#943 bitten

Over the holidays, relatives spent a fair amount of time challenging each other on Trivia Crack, an (apparently addictive) app of random questions.  One of the queries was about shark bites.

The media has done much to portray sharks as fierce, deadly creatures.  But in the United States, there are only about 16 attacks annually, which result in one death every other year. We hear about them because when put in perspective with the number of people who encounter sharks, they are rather rare.

Contrast that with bees.  They seem like innocuous little insects, but in actuality 54 deaths were attributed to bee stings in the U.S. in 2000 (actually to allergic reactions to the toxins in the sting).  Still, the bees are more of a menace to most than the Great Whites.

It seems that overall sharks get a bad rap and all the attention, when in reality, we would be wise to pay more attention to the bees.

It is like that in much of life.  As I have written about repeatedly, it really is the small things that make the difference.

— beth triplett
leadershipdots.blogspot.com

@leadershipdots
leadershipdots@gmail.com

Sources:  
Shark information from Wikipedia
Bee information from buzzaboutbees.net

#942 orphaned

The gloves I wrote about yesterday were an especially welcome present because I recently lost a pair of my gloves.  I am a very responsible adult, but somewhere in that warm spell when I had them shoved in my pocket instead of protecting my hands, they fell out.  I did not realize it until the weather turned cold again, and by then, I had traversed too many places to retrace my steps.


Even though I hold out no hope of finding them, I still instinctively look for them.  And what I have found is that a lot of people lose gloves.  Almost every parking lot or store entrance has one glove lying there or sitting on a ledge hoping to be reclaimed.

I wonder, if the chance of loss is so prevalent, why gloves don’t come with a natural place to write contact information so that they may be reunited with their owner.  Why doesn’t every glove have a strip inside that could contain a phone number, so when one is found the store or Good Samaritan could easily place a call?  This could apply to adults, as I can attest, as well as to children’s gloves and winter accessories.

It seems that lost gloves are a problem that everyone accepts instead of trying to solve.  Do you have things in your organization that are like that — annoyances or issues that are “just the way it is”?  Most times, like with gloves, there is a better way, if only someone would take a little time to implement it.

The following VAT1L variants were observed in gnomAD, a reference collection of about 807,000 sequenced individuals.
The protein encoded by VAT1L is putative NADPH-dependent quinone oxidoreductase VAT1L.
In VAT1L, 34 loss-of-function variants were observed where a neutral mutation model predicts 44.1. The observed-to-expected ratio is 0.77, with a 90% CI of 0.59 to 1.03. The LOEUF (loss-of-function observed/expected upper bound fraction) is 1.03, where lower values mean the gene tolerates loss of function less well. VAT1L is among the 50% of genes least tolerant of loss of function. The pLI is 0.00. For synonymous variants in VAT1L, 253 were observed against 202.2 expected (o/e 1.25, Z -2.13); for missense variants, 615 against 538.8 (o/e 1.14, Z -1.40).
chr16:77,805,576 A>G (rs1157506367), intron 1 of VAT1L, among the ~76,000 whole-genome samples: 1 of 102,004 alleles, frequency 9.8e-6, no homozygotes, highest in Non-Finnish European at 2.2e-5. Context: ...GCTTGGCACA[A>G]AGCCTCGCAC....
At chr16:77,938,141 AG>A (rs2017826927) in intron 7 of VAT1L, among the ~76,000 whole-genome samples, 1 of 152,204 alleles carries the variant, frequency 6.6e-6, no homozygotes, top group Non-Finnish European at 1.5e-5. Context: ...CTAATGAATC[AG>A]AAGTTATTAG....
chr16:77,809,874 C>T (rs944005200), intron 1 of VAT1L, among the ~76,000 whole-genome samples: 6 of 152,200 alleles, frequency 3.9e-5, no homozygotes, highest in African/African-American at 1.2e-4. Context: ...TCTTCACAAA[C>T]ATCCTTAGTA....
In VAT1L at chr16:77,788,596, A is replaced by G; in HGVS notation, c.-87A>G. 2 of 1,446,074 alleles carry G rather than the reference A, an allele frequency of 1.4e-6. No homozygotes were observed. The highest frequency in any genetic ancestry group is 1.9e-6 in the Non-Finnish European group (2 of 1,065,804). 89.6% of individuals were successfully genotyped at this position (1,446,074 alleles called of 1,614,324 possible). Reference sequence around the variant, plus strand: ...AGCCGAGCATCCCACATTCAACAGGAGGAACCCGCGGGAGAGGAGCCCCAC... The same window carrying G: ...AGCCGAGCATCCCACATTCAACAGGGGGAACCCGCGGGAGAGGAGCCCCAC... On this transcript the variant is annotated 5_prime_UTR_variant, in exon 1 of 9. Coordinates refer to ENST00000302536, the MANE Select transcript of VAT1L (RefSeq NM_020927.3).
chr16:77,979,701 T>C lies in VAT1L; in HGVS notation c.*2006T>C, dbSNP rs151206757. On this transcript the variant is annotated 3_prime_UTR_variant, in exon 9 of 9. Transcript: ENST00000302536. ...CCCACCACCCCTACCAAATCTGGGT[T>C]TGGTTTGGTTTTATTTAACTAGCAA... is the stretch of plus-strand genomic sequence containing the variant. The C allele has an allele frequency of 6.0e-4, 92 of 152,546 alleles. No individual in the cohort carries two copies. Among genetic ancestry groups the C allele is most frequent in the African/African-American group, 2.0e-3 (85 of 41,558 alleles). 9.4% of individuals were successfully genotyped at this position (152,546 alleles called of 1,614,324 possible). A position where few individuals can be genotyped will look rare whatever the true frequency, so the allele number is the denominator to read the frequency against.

Try to be that someone today.

— beth triplett
leadershipdots.blogspot.com
@leadershipdots
leadershipdots@gmail.com

#941 seriously?

I received a pair of Isotoner gloves for Christmas.  They are cozy and warm and I think I will love them.

I was reading the packaging (as only marketers do) and noticed their Quality Guarantee.  It touted that their product “should be of the highest quality” and offered to replace it if it proved to be defective within one year.

But then, the kicker:  “Please return the defective product along with $5.00 for shipping and handling to…”

What?!  Who thought it would be a good idea to make the customer pay for replacement of a defective item?  It’s bad enough that a) the product was of poor quality and b) the customer has to ship the gloves back to the company, but now they want you to pay a third time to have them returned to you.  Unbelievable.  I hope their gloves are better than their guarantee.

Is your organization doing something similarly stupid without even realizing it?  Have an outside party give your customer service promise the “Isotoner test”, and hope you don’t fail it like they did.

— beth triplett
leadershipdots.blogspot.com
@leadershipdots
leadershipdots@gmail.com



#940 wonder

Over the holidays, I watched the classic How the Grinch Stole Christmas cartoon.  I think I have seen it every year since it debuted in 1966, and hope to see it again for all my Christmases to come.

I was particularly struck this time at how rudimentary the drawings are.  Dr. Seuss’s magic was in telling stories, not in fancy art.  

I think of people out there who limit themselves as to what they can do.  If someone would have looked at Ted Geisel’s drawings at face value, they may have discouraged him from becoming a children’s book author/illustrator because he may not have had the most sophisticated or commercially viable production in his art class.